Daylight Solutions Teaches Girl Scouts About Optics

Daylight Solutions Teaches Girl Scouts About Optics

December 6, 2019 -- They saw the light during a recent event at a Leonardo DRS site in San Diego.

About 25 California girl scouts in the fourth to eighth grades participated in an event staged by the STEM (science, technology, engineering and math) committee of Leonardo DRS Daylight Solutions. The purpose was to introduce girls to the science of optics, the branch of physics that studies the behavior and properties of light.

Optics and the related field of photonics comprise the heart of Daylight’s business. The company supplies mid-infrared quantum cascade laser sources to the defense and other industries as well as customers in life sciences and research.

Cynthia Maley, a senior manufacturing engineer who specializes in optical test engineering, demonstrated principles of a pinhole camera and the inner workings of a kaleidoscope. The girls also enjoyed light-focused fun with bubbles and accepted Daylight's legendary laser beam alignment challenge.

 "We use a red diode laser mounted on a wooden block taped to a table," explained Tom Watson, chairman of the Daylight outreach committee, which organized the event. "In conjunction with that, we have freestanding mirrors, a couple of targets and bullseyes, another block with a PVC tube, a beam-splitter, and extra materials such as popsicle sticks.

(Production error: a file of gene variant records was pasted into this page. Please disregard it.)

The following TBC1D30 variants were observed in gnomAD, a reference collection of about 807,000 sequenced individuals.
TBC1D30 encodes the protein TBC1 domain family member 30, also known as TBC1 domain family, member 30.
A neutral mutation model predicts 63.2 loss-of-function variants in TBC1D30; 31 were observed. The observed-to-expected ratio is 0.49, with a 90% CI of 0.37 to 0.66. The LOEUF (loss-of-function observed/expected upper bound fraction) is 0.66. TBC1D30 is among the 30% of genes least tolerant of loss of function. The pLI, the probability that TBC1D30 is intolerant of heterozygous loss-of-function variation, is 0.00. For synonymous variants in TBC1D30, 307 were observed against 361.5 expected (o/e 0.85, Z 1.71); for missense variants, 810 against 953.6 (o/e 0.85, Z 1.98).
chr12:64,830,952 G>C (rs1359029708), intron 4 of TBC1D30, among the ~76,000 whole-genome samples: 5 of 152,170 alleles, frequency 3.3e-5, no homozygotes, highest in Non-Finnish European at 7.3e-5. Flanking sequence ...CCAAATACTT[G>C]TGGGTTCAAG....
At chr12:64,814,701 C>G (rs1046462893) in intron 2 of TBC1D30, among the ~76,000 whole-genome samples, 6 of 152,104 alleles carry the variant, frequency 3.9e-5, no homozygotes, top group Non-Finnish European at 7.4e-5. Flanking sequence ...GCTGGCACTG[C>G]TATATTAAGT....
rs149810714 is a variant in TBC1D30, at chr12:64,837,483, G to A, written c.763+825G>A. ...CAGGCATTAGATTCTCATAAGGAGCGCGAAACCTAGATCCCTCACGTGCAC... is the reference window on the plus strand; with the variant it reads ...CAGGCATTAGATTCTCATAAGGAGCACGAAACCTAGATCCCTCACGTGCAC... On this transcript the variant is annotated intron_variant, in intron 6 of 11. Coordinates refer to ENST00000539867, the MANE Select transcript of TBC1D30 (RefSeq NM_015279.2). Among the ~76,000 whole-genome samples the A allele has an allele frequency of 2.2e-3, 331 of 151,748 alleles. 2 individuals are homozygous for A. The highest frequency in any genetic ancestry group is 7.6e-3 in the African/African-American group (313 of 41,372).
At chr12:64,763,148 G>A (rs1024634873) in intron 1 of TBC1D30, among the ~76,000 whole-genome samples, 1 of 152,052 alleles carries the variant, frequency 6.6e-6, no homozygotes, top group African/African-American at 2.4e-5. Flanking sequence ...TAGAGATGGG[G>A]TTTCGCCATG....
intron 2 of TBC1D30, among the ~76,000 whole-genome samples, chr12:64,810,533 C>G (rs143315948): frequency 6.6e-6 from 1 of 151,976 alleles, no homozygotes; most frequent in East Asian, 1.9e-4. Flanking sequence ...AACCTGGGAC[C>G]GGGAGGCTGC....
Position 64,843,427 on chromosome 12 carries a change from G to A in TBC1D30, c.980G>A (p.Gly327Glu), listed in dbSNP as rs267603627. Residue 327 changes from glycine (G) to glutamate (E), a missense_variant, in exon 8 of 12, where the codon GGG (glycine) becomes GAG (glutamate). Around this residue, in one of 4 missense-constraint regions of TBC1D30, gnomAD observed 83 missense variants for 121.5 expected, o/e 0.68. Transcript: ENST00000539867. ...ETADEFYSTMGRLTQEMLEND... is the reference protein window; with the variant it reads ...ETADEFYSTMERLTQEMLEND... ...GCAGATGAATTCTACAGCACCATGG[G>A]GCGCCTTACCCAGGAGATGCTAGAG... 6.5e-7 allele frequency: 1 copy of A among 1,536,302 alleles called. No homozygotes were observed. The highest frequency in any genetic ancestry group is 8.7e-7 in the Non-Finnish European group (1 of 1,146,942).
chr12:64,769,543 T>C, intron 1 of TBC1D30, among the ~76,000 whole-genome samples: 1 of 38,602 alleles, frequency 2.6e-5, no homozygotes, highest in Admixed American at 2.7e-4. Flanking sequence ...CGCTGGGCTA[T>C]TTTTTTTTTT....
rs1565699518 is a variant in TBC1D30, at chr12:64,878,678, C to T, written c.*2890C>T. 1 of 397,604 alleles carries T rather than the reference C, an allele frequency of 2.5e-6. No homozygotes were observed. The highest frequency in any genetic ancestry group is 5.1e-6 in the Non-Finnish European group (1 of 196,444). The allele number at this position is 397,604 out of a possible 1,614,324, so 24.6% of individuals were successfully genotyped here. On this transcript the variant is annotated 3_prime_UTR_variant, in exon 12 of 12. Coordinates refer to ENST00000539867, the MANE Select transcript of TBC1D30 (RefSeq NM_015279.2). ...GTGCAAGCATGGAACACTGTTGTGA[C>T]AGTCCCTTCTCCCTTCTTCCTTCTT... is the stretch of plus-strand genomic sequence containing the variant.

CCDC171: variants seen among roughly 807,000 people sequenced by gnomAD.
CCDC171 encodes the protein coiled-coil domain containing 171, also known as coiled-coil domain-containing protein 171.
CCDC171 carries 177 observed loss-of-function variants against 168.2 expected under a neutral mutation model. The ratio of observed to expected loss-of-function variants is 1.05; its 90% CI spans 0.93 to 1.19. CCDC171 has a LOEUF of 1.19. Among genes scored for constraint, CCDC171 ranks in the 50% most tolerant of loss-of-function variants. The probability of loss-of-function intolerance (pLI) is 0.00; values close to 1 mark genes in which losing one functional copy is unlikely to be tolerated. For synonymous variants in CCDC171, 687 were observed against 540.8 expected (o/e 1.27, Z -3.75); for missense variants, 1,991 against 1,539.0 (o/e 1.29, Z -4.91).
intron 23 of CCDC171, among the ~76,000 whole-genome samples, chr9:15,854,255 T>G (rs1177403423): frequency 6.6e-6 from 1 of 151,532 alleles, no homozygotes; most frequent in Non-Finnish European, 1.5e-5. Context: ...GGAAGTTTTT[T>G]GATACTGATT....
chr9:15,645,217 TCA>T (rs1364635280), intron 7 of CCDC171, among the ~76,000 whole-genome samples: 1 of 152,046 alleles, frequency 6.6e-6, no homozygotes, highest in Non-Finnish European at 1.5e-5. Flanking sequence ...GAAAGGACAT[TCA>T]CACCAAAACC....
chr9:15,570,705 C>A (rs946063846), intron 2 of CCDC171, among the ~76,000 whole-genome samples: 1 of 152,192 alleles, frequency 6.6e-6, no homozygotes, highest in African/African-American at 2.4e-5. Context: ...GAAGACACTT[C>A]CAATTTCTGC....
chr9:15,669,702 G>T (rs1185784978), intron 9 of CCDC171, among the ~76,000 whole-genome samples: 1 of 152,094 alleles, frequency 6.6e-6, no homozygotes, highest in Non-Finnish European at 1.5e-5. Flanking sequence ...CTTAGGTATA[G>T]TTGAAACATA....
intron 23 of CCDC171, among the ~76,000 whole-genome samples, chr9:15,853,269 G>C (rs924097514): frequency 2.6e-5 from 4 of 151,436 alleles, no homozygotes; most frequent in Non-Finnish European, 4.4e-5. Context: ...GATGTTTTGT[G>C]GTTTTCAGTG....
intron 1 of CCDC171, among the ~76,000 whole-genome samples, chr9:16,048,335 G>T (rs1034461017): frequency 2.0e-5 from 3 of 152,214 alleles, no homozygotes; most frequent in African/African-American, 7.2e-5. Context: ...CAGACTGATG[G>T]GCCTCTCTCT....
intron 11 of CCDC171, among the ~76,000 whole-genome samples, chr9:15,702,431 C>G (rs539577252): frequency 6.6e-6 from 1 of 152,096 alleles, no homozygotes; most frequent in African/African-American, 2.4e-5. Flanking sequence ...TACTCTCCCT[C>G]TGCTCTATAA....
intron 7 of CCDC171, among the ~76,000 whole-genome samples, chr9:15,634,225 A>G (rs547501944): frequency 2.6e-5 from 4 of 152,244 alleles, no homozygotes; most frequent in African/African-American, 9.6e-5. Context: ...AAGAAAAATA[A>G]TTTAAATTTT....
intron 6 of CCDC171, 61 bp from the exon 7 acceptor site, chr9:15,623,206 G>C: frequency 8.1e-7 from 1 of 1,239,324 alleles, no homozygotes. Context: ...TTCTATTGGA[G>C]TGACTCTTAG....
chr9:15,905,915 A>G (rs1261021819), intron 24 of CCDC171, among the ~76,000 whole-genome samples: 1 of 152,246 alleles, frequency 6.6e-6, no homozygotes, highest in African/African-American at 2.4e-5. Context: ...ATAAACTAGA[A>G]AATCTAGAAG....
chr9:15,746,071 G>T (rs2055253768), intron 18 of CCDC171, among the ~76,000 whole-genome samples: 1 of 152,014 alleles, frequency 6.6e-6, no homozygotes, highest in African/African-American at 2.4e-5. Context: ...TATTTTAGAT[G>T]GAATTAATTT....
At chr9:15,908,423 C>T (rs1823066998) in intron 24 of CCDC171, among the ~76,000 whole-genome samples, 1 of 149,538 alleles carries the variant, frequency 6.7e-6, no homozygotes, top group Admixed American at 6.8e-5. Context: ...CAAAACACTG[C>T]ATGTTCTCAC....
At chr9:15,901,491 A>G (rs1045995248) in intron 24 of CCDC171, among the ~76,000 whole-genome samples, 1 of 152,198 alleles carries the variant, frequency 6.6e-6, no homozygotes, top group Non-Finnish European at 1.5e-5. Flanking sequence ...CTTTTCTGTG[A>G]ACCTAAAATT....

These elements help to point a laser successfully at various targets, Watson said. “You can take the mirrors and figure out how to position them on the table so they reflect the laser beam onto a target, reflect the beam through the PVC tube to hit a target, and so on. For some of the challenges, the girls had to build their own custom mirror mounts using the popsicle sticks and tape.”

Maley and two engineering colleagues, Alyssa Saad and Kim Saldana, discussed their experiences and career trajectories as professionals in the photonics industry. They also responded to such questions as "What steps did you follow to get to where you are today? Do I have to be good at math to be an engineer? What do you like to do outside of work?"

"I think the event made the girls aware that many different kinds of women can enjoy working in optics," Maley said. "Now that they are aware of it as a career, there is a much higher chance that some will choose an optics profession."

Read more about the event at


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